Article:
The History | How They Work | Anatomy | Amazing Bridges
Up close, the suspension bridge is an amazing and beautiful structure that can span rivers and connect cities hundreds of miles apart. From a distance they look fragile, hanging from almost transparent threads. Despite their seeming fragility, suspension bridges are very, very strong thanks to their design and the materials used to build them. These awe-inspiring bridges alone balance the forces of tension and compression, managing to stay up through hurricanes, storms, and earth-quakes.
The first suspension bridges were not the imposing steel and stone structures you think. In fact, the first suspension bridges are the handing vine bridges found in South America, Africa, and Asia. Thousands of years ago, people hung cables, fashioned from twisted vines, from trees on one side of a river or canyon to join trees on the other side. The cable-vines held up strong twigs and planks of wood to create a platform. These early suspension bridges were important for enabling people to travel faster across rivers and canyons.
Now, rivers can also be crossed using suspension bridges - albeit, bridges that are a lot more sophisticated, stronger, and longer. John Roebling dreamed up the first modern suspension bridge in 1867. He believed that a long suspension bridge, today called the Brooklyn Bridge, could connect Manhatten and Brooklyn, New York. Other engineers believed that the feat couldn't be done. But Roebling spent two years planning and checking every detail and calculation twice.
It took 14 more years to build the bridge, but John Roebling didn't live to see it finished. Just two weeks after the project began, Roebling injured his right foot in an accident at the bridge site. Doctors amputated his toes, but his foot became infected, and he died.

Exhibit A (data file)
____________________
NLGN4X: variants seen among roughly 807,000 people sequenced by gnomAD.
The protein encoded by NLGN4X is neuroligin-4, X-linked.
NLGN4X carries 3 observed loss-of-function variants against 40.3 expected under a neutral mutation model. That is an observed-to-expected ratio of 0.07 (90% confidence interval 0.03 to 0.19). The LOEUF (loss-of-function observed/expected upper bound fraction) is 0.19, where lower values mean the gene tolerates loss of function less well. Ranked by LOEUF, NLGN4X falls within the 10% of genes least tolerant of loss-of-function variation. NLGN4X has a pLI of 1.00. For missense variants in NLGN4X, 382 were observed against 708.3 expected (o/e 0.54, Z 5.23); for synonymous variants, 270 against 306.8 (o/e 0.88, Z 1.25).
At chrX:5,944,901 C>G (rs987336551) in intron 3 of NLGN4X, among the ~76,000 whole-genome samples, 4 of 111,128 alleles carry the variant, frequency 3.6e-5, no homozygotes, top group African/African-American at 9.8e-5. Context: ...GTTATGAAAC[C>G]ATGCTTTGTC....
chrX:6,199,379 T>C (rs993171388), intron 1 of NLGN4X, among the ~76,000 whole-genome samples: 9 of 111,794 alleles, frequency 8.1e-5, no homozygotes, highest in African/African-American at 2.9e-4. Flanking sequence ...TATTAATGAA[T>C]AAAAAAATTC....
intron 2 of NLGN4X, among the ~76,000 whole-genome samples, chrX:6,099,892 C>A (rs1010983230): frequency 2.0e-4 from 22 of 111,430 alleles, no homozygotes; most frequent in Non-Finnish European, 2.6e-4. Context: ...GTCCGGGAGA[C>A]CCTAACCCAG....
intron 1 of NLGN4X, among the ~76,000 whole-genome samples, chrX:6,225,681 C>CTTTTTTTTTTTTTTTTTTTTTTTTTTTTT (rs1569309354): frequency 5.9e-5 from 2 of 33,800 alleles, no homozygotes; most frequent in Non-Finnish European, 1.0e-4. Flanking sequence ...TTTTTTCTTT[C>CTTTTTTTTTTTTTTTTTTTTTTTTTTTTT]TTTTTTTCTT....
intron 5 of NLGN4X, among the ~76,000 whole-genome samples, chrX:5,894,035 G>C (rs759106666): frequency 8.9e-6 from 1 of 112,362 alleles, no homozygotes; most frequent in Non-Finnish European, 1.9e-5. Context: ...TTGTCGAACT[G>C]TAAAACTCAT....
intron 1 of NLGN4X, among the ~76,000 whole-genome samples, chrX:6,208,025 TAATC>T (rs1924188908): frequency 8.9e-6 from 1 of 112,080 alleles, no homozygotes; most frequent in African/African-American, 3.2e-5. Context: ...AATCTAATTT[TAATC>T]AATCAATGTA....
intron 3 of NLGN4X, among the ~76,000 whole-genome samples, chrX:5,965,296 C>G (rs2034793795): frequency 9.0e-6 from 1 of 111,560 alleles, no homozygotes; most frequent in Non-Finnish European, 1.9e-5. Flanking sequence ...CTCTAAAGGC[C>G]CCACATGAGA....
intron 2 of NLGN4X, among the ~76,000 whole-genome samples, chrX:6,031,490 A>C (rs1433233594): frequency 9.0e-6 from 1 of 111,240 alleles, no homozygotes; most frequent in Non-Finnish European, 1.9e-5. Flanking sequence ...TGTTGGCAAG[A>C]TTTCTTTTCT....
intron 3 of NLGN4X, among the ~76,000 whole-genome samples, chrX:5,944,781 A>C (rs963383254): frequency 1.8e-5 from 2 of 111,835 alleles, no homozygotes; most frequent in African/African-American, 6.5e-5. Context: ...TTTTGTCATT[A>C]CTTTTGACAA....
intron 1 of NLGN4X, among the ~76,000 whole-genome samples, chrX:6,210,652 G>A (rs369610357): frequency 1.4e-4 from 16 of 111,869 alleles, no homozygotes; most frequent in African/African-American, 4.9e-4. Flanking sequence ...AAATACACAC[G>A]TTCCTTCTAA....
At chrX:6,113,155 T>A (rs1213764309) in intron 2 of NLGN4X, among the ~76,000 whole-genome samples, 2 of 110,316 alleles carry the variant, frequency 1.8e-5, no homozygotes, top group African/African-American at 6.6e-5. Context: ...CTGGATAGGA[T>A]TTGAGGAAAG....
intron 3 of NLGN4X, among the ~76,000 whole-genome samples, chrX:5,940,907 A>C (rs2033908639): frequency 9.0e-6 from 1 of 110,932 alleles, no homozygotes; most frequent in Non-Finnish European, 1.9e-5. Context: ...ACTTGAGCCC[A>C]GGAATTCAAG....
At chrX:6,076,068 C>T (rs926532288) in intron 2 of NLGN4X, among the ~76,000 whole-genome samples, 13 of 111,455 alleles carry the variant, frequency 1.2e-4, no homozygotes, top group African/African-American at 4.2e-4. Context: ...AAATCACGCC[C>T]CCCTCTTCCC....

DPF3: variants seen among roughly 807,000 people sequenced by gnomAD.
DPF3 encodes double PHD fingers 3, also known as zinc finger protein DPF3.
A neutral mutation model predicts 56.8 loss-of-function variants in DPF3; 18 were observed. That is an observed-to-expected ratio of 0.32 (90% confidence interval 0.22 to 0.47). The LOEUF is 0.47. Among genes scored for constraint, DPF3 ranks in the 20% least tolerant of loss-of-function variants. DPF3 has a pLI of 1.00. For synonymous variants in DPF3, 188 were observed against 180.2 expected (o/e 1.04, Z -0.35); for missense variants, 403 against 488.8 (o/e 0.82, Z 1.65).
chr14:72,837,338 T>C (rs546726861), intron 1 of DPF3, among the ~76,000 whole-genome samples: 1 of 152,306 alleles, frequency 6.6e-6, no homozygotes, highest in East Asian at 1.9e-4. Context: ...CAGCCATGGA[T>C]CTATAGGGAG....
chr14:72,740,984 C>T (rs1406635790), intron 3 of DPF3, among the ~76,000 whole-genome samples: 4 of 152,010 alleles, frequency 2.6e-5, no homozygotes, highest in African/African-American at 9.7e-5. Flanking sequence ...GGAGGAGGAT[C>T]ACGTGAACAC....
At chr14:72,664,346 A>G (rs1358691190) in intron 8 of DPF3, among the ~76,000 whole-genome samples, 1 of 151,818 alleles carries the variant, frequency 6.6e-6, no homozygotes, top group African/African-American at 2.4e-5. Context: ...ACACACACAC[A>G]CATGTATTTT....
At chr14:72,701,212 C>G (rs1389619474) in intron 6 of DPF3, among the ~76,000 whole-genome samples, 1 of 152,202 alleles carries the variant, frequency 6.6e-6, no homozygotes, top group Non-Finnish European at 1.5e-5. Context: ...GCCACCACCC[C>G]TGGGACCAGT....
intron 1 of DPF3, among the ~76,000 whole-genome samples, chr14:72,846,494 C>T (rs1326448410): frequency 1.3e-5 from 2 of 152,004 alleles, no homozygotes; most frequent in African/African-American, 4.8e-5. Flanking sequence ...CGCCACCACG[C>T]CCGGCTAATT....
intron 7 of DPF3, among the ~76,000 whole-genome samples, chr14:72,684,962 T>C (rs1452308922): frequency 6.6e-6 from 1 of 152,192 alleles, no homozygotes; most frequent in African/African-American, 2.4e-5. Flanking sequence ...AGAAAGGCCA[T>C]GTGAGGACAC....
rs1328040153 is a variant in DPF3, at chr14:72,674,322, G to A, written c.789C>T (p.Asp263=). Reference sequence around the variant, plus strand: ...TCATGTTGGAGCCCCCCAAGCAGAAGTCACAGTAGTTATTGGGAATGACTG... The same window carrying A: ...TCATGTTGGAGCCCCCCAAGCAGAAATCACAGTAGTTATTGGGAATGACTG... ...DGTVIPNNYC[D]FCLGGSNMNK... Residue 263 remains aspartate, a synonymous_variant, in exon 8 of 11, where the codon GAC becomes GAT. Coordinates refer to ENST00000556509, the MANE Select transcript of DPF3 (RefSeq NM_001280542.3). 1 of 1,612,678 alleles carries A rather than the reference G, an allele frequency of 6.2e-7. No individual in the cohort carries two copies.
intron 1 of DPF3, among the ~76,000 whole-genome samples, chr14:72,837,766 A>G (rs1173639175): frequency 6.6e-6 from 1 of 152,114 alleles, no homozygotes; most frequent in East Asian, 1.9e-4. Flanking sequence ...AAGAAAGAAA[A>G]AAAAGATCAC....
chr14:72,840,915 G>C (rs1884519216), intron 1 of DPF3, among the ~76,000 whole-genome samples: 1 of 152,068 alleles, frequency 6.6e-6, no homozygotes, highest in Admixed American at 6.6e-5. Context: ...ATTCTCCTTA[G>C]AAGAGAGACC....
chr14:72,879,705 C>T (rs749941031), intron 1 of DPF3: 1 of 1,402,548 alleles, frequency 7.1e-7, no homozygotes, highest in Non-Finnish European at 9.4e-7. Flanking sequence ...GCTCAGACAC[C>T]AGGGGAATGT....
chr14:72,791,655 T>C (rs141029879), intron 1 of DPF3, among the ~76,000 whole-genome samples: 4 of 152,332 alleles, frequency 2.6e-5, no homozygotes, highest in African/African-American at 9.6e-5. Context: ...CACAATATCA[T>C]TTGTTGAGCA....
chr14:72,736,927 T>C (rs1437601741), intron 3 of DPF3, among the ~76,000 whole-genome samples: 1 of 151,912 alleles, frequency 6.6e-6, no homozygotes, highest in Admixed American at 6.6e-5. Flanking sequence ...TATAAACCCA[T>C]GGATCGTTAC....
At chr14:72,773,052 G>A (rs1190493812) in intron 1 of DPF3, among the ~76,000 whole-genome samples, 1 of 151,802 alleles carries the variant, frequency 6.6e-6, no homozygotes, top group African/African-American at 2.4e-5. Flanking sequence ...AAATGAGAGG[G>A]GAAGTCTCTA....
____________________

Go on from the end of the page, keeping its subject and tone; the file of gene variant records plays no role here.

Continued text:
His son Washington, also an engineer and bridge builder, took over his father's dream. But during the first three years on the project, he became sick and was bedridden. Although, not an engineer, Emily Warren Roebling, his wife, took over the project. She soon became knowledgable in the language of bridges and an expert in bridge construction. She would meet with the engineers at the bridge site, and then return to her husband's bedside, bringing him news and questions. Emily oversaw the completion of the bridge, and Washington, who orchestrated the construction, never left his bed the whole time the Brroklyn Brdige was built.
Anatomy of a Bridge
Deck - For pedestrian, train, and/or automobile traffic.
Supports - The towers are the supports.
Span - Describes the distance between towers.
Foundations - The supports rest on the foundations.
Approaches - The approaches are the roads leading up to the bridge.
Long wire cables are strung over the towers and secured to the anchors on land.
Hangers run from the cables to the deck hold it up.
How They Work
Any bridge can only stay up if it can support its own weight (called the dead load) and the weight of all the traffic that crosses it (called the live load). The load creates 2 major forces that act on parts of a bridge. The 2 forces are Compression and Tension:
Compression - The force of compression pushes down on the suspension bridge's deck. but because its a suspended roadway, the cables transfer the compression to the towers, which dissipate the compression directly into the earth where they're firmly entrenched.
Tension - The supporting cables, running between 2 anchorages, are the lucky recipients of the tension forces. The cables are literally stretched from the weight of the bridge and its traffic as they run from anchorage to anchorage. The anchorages are also under tension, but since they, like the towers, are held firmly to the earth, the tension they experience is dissipated.
Suspension bridges are capable of spanning long distances and actually are the only type of bridge to span the longest distances possible for a bridge. This is because the shape of the suspension bridge is actually one of the most stable structures there is. The cable of the bridge is inherently stable against any disturbance if it is thick enough to withstand any tension. The forces (tension mostly) are carried to the tops of the high towers (which should and usually are resilient against flexure, buckling, and oscillation) through the cables, instead of being directed towards the ground - which would happen if the bridge is an arch bridge. But what sets the suspension bridge apart from most conventional bridges is that all the forces do not "internally-cancel." Instead, the forces are directed in a way that the tensions are resisted by the ground, which is in compression!
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